The memoranda are being released in part because of a civil lawsuit filed against this man, John Yoo, the Bush administration assistant attorney general, the man who authored many of the suspect legal opinions. He's being sued by Jose Padilla, who was detained for years as an enemy combatant, but who was ultimately convicted in a regular old civilian criminal quaint procedure.

Let's call now upon Constitutional law professor from George Washington University, Jonathan Turley. Jon, good evening.


OLBERMANN: First to the ones we already know about; Senator Whitehouse described these as a legal blank check. Am I wrong or is the description maybe closer to something like a legal justification for a police state or a quasi-military takeover of the U.S. government?

TURLEY: Well, these memos provide the very definition of tyranny. These memos include everything that a petty despot would want from the military use - domestic use of the military in searches and seizures, suspension of free press, free speech, arrests of individuals without legal process. The amazing thing is that this is the blueprint of our government, not the people we were fighting.

But what's really pathetic is the memo on January 15th, where Bradbury finally just says we don't believe most of this stuff. This is just something that can't be sustained. And so you've got eight years of Constitutional terror for civil libertarians, followed by five days of legal contrition. And it's really quite pathetic. It's basically an effort of Bush lawyers to say, we want to go back into the Bar, despite the fact that for the last eight years, we have been saying we can suspend every element of a free nation.

OLBERMANN: Oh, we repent. We repent. How much worse could this get? What do you - what do you suspect? What do you fear is in those memos that we haven't seen yet that may be released shortly?

TURLEY: Well, these memos weren't written in a vacuum. They were written for a reason. They went to people like John Yoo and Viet Din and others to hear what the president wanted them to say. And the question then is what did they do in response? Well, we know, among other things, that they created a torture program. The question is, how much more don't we know? And I think we're going to find out that this was the mere foundation for a greater edifice that has yet to be disclosed.

OLBERMANN: How did these memos and the perspective ones tie into what we already know about Bush administration abuses, do you think?

TURLEY: Really, I have to tell you, I was taken aback. I have debated John Yoo. I have known him for years. And I still cannot believe that he would produce this type of work. First of all, it's really bad in terms of its legal analysis. He's arguing that powers of self-defense, where officers can use lethal force, can be a justification for warrantless surveillance. It's a type of stuff that you send back papers with law students over.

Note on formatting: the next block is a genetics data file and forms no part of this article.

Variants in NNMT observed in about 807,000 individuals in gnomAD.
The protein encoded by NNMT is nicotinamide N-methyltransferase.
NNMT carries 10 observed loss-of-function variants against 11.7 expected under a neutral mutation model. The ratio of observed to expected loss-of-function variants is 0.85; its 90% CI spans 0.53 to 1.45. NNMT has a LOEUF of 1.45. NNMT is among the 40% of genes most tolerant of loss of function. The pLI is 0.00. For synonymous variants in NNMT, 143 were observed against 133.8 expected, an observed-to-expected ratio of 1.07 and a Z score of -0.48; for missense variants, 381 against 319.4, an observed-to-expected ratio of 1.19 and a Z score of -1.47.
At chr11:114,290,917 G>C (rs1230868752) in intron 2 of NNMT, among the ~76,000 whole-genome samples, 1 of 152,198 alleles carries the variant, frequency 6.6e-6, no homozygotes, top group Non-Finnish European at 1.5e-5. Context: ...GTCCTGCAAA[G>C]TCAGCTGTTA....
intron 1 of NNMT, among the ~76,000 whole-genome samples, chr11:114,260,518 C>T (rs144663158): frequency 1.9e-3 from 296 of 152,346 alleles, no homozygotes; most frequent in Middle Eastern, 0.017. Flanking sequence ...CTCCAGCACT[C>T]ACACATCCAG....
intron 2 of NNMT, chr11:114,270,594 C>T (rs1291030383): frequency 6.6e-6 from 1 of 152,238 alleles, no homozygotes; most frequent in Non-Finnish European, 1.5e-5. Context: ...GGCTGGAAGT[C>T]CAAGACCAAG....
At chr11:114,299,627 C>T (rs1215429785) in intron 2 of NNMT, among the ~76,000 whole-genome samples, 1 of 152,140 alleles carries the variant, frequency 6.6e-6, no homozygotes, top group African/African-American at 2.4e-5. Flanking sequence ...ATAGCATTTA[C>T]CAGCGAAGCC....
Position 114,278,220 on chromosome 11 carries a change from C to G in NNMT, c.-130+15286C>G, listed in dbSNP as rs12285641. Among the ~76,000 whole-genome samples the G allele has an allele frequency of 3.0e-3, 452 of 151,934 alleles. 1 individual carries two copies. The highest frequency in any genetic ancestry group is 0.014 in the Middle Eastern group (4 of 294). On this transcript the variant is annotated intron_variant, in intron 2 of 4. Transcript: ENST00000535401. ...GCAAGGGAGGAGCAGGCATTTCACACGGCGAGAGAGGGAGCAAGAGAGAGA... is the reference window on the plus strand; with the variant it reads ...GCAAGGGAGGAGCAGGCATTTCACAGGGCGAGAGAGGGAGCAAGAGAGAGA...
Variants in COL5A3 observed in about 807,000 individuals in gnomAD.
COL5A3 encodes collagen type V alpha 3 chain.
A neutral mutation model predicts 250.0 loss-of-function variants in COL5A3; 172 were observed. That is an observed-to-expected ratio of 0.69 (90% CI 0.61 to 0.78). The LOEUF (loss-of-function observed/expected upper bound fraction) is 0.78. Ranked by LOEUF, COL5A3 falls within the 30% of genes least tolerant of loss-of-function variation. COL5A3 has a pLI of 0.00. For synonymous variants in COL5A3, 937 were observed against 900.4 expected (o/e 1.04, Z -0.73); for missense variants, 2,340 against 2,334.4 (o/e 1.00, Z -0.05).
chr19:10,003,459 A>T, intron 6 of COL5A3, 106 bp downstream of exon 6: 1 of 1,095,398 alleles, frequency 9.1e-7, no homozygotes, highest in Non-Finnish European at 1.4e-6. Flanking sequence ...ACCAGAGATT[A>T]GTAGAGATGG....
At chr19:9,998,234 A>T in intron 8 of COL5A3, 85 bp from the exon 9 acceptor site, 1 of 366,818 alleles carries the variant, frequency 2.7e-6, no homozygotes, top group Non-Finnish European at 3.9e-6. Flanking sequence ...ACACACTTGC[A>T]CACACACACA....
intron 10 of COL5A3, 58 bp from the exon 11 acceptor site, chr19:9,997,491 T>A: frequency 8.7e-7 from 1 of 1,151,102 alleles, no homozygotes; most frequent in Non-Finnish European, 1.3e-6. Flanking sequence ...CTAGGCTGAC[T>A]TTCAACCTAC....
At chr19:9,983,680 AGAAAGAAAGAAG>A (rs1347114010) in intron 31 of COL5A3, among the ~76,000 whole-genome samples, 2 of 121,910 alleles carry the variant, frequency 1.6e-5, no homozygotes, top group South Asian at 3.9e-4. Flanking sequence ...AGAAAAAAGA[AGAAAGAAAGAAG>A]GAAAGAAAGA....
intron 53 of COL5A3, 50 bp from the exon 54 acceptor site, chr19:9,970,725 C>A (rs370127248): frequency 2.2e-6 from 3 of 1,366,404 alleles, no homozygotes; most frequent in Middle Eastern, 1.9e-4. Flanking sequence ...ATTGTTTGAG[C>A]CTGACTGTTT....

And it really does show, I think, the great tragedy of a very bright individual working very, very hard to satisfy the president and to tell him what he wanted to hear.

OLBERMANN: How this dovetails into the Truth Commission and this idea that Pat Leahy is going to have a conference tomorrow to basically throw out ideas about what to do if they go ahead with one. Senator Feingold tonight endorsed the idea of a Truth Commission. But he said you have to include at least the possibility of prosecution. It can't be a broad immunization policy.

If that's part of the deal, can you and I support the Truth Commission? I am going to defer to you on this.

TURLEY: I have to tell you, I think that we have got to say enough, that we are no longer a nation of chumps. You have a bunch of people here who - and many of which are my friends - who are trying to work mightily hard to avoid what they know they are morally and legally obligated to do. Now, what this shows is it was never a question about political power. It was the lack of personal conviction. So it's up to the rest of us to say, if President Obama means it, and knows about the law, we need a special prosecutor and we need to investigate, not another commission.

OLBERMANN: OK, that's two votes for that. Jonathan Turley of George Washington University, as always, great thanks. And I know my opinion is in good hands with you. Thank you.

TURLEY: Thanks, Keith.

OLBERMANN: Nothing yet from the Department of Justice on prosecuting the guy from "The Bachelor," who proposed to one woman, then dumped her for another, then revealed his bosses at ABC told him to. Michael Musto visits on this issue.

He blames the victims for being raped. They help rape victims through trials. For some reason, they want him at their fund-raiser.

And when Rachel joins you at the top of the hour, her special guest Howard Dean on the state of the GOP and its new leader, Boss Limbaugh.

But first, because they may be gone, but their deeds out-live them, the headlines lingering from the previous administration's other 50 running scandals, Still Bushed.

Number three, You, Yoo, you're not good-gate. A postscript to this memo story. Last night here, John Dean pointed out the CYA component. Jonathan Turley just mentioned it, too. Today, TPM Muckraker connected the dots. Consider this footnote written by Steven Bradbury, Mr. Bush's last head of the Office of Legal Council, in the don't listen to the other memos memo, which was written just six weeks ago. The memo was not, quote, "intended to suggest in any way that the attorneys involved in the preparation of the opinions in question did not satisfy all applicable standards of professional responsibility."

Huh? Remember that the Justice Department is conducting an internal investigation that could wind up leading to several lawyers losing their licenses because their memos, approving crap like water boarding, were shoddy pieces of amateur lawyering. According to a preliminary draft of that report, the several lawyers up for disbarment are John Yoo, Jay Bybee and the guy who wrote the PS, Steven Bradbury. Toads.